for Family Travel
June 29, 2016
So you’re heading out on a family adventure. Perhaps you’re road-tripping across your state or maybe you’re flying half way across the world. You’ve carefully planned out your itinerary; what you’ll see and what you’ll do. Then the unexpected happens. Someone gets sick or hurt. Have you been there? We sure have! And we’ve learned a thing or two. So now we always travel with what we call our mini-medicine cabinet. It doesn’t eliminate the unplanned, but it certainly makes it easier to get through.
When I think back to health struggles we’ve had on the road a couple of incidents stand out in particularly. There was that time when one of our boys had a high fever. It came on suddenly and we were literally out in the middle of nowhere. Staying at a little bed and breakfast outside of Capitol Reef National Park in Utah, we soon learned that the closest urgent care or even drug store was about two hours away. We had to rely on what we had and I was thankful we had packed the children’s Acetaminophen. That, some cold wash cloths and prayers is what got us through the night. Another time that stands out was when one of our boys split his knee open by falling on a rock at the top of Mammoth Mountain during a hike. At best we were 45 minutes away from getting back to town, so the bottle of water, gauze and butterfly bandages we had did the trick until we could get down the mountain. I don’t know what we would have done otherwise.
Kids aren’t the only ones who get sick. Recently my father-in-law came down with a bad cold while traveling through Austria and the Czech Republic. You wouldn’t think that purchasing the cold medicine he likes to use at home would be that difficult to find there. But it was! It turns out that the Czech Republic only sells over-the-counter medication at hospital pharmacies and Austria also has some restricting rules about access. There was also a language barrier in both places. And while most people we encountered at tourist destinations spoke English, we didn’t encounter one English speaker in any of the pharmacies we visited. It was a real hassle. It would have been so much easier if we had just gone prepared.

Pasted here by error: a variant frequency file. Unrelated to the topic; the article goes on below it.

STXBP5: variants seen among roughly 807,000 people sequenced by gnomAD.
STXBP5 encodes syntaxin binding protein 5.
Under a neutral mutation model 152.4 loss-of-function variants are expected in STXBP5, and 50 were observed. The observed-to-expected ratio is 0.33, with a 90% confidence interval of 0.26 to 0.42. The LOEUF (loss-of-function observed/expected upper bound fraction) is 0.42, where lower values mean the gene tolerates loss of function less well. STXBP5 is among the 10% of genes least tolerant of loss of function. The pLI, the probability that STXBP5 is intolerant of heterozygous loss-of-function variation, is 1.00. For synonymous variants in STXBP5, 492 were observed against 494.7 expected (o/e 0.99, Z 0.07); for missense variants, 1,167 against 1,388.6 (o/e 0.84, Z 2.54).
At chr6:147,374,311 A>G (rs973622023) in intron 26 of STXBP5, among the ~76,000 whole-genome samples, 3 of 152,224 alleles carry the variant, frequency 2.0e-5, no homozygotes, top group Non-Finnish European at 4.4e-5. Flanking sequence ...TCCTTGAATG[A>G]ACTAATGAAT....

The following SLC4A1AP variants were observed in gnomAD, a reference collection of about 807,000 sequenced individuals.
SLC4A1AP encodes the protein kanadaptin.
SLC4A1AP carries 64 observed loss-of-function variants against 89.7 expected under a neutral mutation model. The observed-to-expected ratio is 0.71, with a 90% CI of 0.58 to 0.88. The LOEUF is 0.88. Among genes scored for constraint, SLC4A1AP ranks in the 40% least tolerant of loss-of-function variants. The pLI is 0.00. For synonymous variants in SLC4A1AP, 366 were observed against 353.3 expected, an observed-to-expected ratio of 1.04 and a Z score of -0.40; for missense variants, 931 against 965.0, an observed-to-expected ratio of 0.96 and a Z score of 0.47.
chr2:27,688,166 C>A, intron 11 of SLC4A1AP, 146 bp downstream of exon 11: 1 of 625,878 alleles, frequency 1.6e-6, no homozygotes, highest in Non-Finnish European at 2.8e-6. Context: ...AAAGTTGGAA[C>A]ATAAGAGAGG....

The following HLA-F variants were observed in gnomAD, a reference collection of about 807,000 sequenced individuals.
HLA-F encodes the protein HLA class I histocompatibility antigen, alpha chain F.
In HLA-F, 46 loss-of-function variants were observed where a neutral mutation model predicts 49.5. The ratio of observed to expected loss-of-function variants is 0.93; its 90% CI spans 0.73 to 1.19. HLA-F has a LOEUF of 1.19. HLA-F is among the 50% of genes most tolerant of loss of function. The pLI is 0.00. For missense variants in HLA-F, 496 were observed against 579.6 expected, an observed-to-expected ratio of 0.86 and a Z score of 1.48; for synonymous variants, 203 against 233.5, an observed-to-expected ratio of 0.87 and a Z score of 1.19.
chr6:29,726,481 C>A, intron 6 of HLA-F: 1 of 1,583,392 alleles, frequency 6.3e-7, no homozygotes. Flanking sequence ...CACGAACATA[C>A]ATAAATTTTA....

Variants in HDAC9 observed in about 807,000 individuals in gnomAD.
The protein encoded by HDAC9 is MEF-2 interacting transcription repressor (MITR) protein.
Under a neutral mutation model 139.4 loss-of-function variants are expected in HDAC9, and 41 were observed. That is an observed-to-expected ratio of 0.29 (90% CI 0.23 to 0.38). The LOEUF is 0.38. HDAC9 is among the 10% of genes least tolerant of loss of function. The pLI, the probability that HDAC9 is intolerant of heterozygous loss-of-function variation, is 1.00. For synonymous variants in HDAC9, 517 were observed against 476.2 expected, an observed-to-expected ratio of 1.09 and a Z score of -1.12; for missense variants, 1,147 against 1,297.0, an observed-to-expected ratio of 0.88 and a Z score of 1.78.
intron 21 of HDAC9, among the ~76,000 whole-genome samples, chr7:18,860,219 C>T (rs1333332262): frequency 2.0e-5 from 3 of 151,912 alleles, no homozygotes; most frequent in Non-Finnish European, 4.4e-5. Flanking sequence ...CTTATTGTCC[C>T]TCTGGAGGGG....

So what do we carry in our mini-medicine cabinet? Here are a few tips to help you pack your medicine cabinet must-haves.
Ask Yourself: What Do I Use?
In trying to decide what to include in your pack, consider anything your family has needed in the past year. Cold medicine, fever reducers, cough drops, allergy medicine are some of the common items. This is a good place to start because you know what your family typically uses over the course of a year.
Our pack includes: cough drops, cough suppressant, acetaminophen, ibuprofen, thermometer, tweezers, eye drops, Pepto Bismol, Tums, bandages, gauze, alcohol wipes for scrapes, butterfly closures, antibiotic ointment, anti-itch cream and insect repellent. We also use some homeopathic supplies on a regular basis and I don’t want to be without them when we travel.
You know the unique needs of your family. Remember to pack the specific items that each family member uses. This includes prescriptions, vitamins and minerals, epipens, etc. If someone in your family is prone to constipation, this often gets worse with travel. Certain over-the counter aids are helpful to have on hand.
Choose Non-liquid When Possible
Many products for children include a chew-able version of the medicine instead of a liquid. This is the best choice for travel for so many reasons. There are no messy, sticky cups to try and manage, no liquid concerns with air travel, and no spills.
Use a Portable Case
Find a close-able case that will fit everything you have gathered. It’s helpful to have everything in one place instead of spread throughout your luggage. It also makes it convenient to throw it in a backpack before setting out on a hike. Once your case is packed it’s always ready. When we return from a trip I make sure that I replenish anything that we used. Then it’s ready for the next trip. I have even found this mini-medicine cabinet to be useful for day trips near home. It’s always in one place and ready to go.
Where to Pack It
Be sure to pack this case out of the reach of little hands. When traveling by car I recommend having it close and accessible. I like to keep it under the passenger seat where I can quickly grab it. For airplane travel I always put it in our checked baggage (holding back anything we may need before we arrive at our destination). This is just a personal preference, but with the tweezers and liquid form of some of the medication, I just don’t want to hassle with security.
We can’t always avoid getting sick or having accidents when we travel, but it sure can help alleviate some of the problems when we take what we may need.
What about you? Are there items you always pack for your family when you travel? I’d love to hear your feedback. Please share below in the comment section.